Photographs of Jewish ghettos in Nazi-occupied Poland taken by Hitler’s personal photographer, Hugo Jaeger. Town of Kutno, ca. 1939-1940. (Source.)

"Over 400,000 Polish Jews were forced to live in the Warsaw Ghetto from 1940 until 1943, an area of just 1.3 square miles. Starvation and disease killed an estimated 100,000, and many thousands more were shipped to concentration camps - mainly Treblinka - from within the Ghetto.During an uprising from January to April 1943, at least 50,000 were killed, and this was followed by the total destruction of the Ghetto by the Germans. This photograph shows all that was left.”

"Over 400,000 Polish Jews were forced to live in the Warsaw Ghetto from 1940 until 1943, an area of just 1.3 square miles. Starvation and disease killed an estimated 100,000, and many thousands more were shipped to concentration camps - mainly Treblinka - from within the Ghetto.

During an uprising from January to April 1943, at least 50,000 were killed, and this was followed by the total destruction of the Ghetto by the Germans. This photograph shows all that was left.”

"German soldiers question Jews after the Warsaw Ghetto Uprising in 1943. In October 1940, the Germans began to concentrate Poland’s population of over 3 million Jews into overcrowded ghettos. In the largest of these, the Warsaw Ghetto, thousands of Jews died due to rampant disease and starvation, even before the Nazis began their massive deportations from the ghetto to the Treblinka extermination camp. The Warsaw Ghetto Uprising — the first urban mass rebellion against the Nazi occupation of Europe — took place from April 19 until May 16 1943, and began after German troops and police entered the ghetto to deport its surviving inhabitants. It ended when the poorly-armed and supplied resistance was crushed by German troops."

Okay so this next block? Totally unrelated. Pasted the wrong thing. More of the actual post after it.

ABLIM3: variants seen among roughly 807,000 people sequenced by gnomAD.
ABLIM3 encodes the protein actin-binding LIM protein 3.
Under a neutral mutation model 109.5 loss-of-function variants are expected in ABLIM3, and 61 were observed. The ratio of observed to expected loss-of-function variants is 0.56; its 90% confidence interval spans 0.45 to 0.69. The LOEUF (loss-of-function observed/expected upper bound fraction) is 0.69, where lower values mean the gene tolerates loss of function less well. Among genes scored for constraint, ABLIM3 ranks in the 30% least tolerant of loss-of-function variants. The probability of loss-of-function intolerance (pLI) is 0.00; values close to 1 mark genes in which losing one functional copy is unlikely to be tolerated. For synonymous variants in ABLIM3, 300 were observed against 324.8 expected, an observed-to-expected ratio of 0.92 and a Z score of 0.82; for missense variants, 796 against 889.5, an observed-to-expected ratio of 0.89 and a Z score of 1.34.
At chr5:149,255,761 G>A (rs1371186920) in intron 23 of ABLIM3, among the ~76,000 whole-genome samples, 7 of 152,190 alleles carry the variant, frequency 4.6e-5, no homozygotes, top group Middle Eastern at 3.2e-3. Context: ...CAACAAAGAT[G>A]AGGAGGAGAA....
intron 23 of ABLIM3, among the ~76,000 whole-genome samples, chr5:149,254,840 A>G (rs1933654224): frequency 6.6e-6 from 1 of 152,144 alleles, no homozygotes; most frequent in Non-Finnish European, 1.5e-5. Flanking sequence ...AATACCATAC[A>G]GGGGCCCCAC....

"German soldiers question Jews after the Warsaw Ghetto Uprising in 1943. In October 1940, the Germans began to concentrate Poland’s population of over 3 million Jews into overcrowded ghettos. In the largest of these, the Warsaw Ghetto, thousands of Jews died due to rampant disease and starvation, even before the Nazis began their massive deportations from the ghetto to the Treblinka extermination camp. The Warsaw Ghetto Uprising — the first urban mass rebellion against the Nazi occupation of Europe — took place from April 19 until May 16 1943, and began after German troops and police entered the ghetto to deport its surviving inhabitants. It ended when the poorly-armed and supplied resistance was crushed by German troops."

fuckyeahhistorycrushes:

This absolute babe is Jan Karski, a prominent member of the Polish resistance during the Second World War. Not just satisfied with sabotaging or harassing the local occupiers like lesser mortals after escaping the Russians and Germans as a prisoner of war, Karski got in touch with the exiled Polish government to report for duty. During the first four years of the war, he embarked on terrifyingly badass missions to provide the Allies with information about life in occupied Poland, more importantly about the Nazi extermination of Jews in his country. Undeterred by the Gestapo breaking every bone in his lovely face, Karski dedicated his career as a Resistance fighter to making the Holocaust public even before the war ended. Though not Jewish himself, he smuggled himself into the Warsaw Ghetto twice and the Belzec extermination camp to gather information, which he then snuck out of the country and brought to Allied government officials as far as Roosevelt in Washington DC.After reading his 1944 autobiography Story of a Secret State, I discovered that my new history crush was, coincidentally, my mum’s Theory of Communism lecturer at Georgetown, where he taught for about forty years after the war. In her words, ‘He was a god’ and had ‘intense blue eyes’ (weird inherited history crush? I think so). Even Obama has the hots for Jan Karski - he’s awarding him a posthumous Presidential Medal of Honour in a few weeks. Can you blame him? Check those cheekbones.